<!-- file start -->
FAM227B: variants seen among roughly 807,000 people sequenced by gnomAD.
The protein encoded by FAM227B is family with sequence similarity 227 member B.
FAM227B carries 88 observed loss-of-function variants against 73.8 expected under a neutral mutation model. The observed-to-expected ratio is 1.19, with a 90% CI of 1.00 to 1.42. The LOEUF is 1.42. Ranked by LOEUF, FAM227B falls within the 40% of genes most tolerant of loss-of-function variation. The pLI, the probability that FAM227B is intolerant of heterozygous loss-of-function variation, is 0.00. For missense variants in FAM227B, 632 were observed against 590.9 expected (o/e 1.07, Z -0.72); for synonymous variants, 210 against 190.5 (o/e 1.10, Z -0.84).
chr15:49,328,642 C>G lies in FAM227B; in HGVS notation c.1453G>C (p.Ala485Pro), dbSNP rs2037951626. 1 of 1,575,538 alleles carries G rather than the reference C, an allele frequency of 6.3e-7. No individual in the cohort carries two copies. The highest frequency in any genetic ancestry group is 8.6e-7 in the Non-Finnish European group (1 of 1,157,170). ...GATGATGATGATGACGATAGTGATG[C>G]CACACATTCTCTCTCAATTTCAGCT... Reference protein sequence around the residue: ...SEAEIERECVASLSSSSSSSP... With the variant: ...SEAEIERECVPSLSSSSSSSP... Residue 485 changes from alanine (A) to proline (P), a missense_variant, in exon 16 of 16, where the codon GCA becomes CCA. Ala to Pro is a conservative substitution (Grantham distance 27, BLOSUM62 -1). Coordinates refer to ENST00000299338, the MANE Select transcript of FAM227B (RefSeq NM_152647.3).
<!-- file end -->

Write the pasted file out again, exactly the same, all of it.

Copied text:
FAM227B: variants seen among roughly 807,000 people sequenced by gnomAD.
The protein encoded by FAM227B is family with sequence similarity 227 member B.
FAM227B carries 88 observed loss-of-function variants against 73.8 expected under a neutral mutation model. The observed-to-expected ratio is 1.19, with a 90% CI of 1.00 to 1.42. The LOEUF is 1.42. Ranked by LOEUF, FAM227B falls within the 40% of genes most tolerant of loss-of-function variation. The pLI, the probability that FAM227B is intolerant of heterozygous loss-of-function variation, is 0.00. For missense variants in FAM227B, 632 were observed against 590.9 expected (o/e 1.07, Z -0.72); for synonymous variants, 210 against 190.5 (o/e 1.10, Z -0.84).
chr15:49,328,642 C>G lies in FAM227B; in HGVS notation c.1453G>C (p.Ala485Pro), dbSNP rs2037951626. 1 of 1,575,538 alleles carries G rather than the reference C, an allele frequency of 6.3e-7. No individual in the cohort carries two copies. The highest frequency in any genetic ancestry group is 8.6e-7 in the Non-Finnish European group (1 of 1,157,170). ...GATGATGATGATGACGATAGTGATG[C>G]CACACATTCTCTCTCAATTTCAGCT... Reference protein sequence around the residue: ...SEAEIERECVASLSSSSSSSP... With the variant: ...SEAEIERECVPSLSSSSSSSP... Residue 485 changes from alanine (A) to proline (P), a missense_variant, in exon 16 of 16, where the codon GCA becomes CCA. Ala to Pro is a conservative substitution (Grantham distance 27, BLOSUM62 -1). Coordinates refer to ENST00000299338, the MANE Select transcript of FAM227B (RefSeq NM_152647.3).